Belgium's King Philippe Expresses ‘Deepest Regrets’ For Colonization Of Congo

Opposition leaders seek a more formal apology and reparations.

On Wednesday (June 8), Belgium’s King Philippe reiterated deep regrets for the colonization of the Democratic Republic of Congo, which resulted in the exploitation, racism and acts of violence against its people.

According to Reuters, this is the second time Philippe expressed regret for colonization, however he came short of apologizing for the exploitation. The comments were made during the king’s first visit to the Congo since taking the throne in 2013.

"Even though many Belgians invested themselves sincerely, loving Congo and its people deeply, the colonial regime itself was based on exploitation and domination," he told a joint session of parliament in Kinshasa, the capital. "This regime was one of unequal relations, unjustifiable in itself, marked by paternalism, discrimination and racism.”

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Philippe added: "It led to violent acts and humiliations. On the occasion of my first trip to Congo, right here, in front of the Congolese people and those who still suffer today, I wish to reaffirm my deepest regrets for those wounds of the past."

Reuters reports Congo President Felix Tshisekedi and many politicians enthusiastically welcomed Philippe’s visit while large numbers of ruling party supporters waved Belgian flags, and a banner hanging from parliament reading “A common history.”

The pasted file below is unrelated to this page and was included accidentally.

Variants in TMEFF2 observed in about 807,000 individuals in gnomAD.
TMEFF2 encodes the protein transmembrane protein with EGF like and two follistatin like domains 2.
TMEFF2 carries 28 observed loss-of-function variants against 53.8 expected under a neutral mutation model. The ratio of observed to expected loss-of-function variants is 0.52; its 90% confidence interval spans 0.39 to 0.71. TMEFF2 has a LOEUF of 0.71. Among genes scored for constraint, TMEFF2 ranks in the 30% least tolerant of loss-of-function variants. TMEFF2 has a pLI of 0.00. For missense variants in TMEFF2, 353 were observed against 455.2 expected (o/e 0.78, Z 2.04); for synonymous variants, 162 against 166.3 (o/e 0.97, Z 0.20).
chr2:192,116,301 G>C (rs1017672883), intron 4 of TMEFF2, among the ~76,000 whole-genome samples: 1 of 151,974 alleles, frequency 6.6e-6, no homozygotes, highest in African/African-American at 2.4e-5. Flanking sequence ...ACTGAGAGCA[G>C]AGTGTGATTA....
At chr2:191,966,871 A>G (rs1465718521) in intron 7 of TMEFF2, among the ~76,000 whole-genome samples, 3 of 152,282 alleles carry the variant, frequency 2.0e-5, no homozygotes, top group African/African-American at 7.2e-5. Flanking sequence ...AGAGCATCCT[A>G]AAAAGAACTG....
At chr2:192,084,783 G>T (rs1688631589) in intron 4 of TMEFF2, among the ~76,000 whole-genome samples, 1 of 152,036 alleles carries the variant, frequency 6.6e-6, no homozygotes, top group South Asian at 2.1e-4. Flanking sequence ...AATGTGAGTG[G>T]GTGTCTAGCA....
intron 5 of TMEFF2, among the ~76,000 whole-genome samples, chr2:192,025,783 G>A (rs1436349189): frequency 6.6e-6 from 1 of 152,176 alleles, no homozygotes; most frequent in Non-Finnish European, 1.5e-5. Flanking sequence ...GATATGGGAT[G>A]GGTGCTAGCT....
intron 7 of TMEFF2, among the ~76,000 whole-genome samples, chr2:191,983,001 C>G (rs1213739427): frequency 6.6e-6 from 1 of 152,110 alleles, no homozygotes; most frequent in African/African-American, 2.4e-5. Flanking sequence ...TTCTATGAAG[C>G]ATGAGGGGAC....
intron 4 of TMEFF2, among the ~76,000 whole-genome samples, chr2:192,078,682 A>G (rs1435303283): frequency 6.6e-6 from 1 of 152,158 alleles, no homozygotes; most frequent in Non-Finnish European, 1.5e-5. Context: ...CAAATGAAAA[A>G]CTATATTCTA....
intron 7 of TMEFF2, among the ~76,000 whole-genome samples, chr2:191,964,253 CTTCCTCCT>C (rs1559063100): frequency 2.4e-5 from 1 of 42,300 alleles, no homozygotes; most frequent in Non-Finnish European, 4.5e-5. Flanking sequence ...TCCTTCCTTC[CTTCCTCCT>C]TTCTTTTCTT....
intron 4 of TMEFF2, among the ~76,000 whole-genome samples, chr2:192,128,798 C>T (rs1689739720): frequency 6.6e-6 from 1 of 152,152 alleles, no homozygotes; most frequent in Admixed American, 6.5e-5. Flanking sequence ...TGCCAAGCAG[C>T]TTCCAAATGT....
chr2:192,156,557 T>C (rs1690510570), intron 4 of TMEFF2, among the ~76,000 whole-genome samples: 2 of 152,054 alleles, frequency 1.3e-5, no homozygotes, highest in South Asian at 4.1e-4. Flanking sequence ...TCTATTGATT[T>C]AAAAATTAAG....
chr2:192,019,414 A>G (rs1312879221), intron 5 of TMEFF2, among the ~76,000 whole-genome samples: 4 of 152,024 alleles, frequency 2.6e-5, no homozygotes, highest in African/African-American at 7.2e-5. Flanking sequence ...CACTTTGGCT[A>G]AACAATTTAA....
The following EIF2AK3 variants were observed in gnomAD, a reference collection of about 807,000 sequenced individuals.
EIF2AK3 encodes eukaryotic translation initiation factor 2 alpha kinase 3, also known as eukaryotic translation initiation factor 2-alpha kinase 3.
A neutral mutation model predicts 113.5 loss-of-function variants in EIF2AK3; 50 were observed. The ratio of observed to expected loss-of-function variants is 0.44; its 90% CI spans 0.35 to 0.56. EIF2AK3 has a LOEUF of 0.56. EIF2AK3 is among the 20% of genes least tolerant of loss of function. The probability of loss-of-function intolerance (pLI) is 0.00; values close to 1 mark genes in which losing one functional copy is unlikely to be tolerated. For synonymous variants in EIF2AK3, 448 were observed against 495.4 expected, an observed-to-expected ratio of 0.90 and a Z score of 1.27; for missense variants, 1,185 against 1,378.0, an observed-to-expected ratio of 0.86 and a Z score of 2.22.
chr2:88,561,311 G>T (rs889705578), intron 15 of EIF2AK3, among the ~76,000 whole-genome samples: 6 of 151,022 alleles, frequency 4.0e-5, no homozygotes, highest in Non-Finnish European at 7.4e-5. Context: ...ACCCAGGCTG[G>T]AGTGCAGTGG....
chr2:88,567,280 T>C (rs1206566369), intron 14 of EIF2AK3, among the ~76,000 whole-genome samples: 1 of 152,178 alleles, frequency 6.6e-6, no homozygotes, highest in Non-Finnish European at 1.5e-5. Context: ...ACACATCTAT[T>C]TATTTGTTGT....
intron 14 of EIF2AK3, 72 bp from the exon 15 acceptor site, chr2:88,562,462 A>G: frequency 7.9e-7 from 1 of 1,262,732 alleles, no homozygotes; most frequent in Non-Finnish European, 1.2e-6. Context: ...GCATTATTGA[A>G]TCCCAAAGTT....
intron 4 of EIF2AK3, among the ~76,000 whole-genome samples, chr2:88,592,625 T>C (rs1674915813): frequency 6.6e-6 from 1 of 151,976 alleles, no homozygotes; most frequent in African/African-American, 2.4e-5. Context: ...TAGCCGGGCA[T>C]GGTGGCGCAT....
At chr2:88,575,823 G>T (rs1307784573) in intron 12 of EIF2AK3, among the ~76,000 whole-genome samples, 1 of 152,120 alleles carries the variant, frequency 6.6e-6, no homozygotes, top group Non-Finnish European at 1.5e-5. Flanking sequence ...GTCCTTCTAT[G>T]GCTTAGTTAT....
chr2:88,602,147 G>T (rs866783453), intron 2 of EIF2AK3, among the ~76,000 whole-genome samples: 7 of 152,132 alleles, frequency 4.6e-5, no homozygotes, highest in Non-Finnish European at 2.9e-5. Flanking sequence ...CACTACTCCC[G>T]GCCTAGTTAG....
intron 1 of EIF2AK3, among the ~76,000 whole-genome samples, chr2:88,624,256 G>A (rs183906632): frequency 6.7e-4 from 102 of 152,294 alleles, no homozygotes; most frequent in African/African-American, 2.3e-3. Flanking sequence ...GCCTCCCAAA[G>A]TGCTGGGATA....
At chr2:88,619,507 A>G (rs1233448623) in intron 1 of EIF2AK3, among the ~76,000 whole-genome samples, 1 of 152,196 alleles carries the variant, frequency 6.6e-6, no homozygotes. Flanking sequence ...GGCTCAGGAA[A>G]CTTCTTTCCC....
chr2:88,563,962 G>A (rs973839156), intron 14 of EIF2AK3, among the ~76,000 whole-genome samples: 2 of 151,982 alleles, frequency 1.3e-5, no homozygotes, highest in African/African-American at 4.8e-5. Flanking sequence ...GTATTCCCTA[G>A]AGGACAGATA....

Others, though, were disappointed by the absence of an apology.

During Belgium’s rule from 1885 to 1960, and the first 23 years when King Leopold II ruled the Congo Free State as a personal fiefdom, it’s estimated that killings, famine and disease caused up to 10 million Congolese.

"I salute the speech by the Belgian king. However, in the face of the crimes committed by Belgium, regrets are not enough," Congolese opposition Senator Francine Muyumba Nkanga wrote on Twitter. "We expect an apology and a promise of reparations from him. That is the price to definitively turn the page.”

Antoine Mubidiki, a Kinshasa resident, told Reuters that the king’s trip would also bring investments in the African nation. "Despite what the Belgians did to us during colonization, we are ready to forgive," he added.

Traditionally, Belgium has traditionally said little about colonialism with the subject not being extensively taught in Belgian schools.

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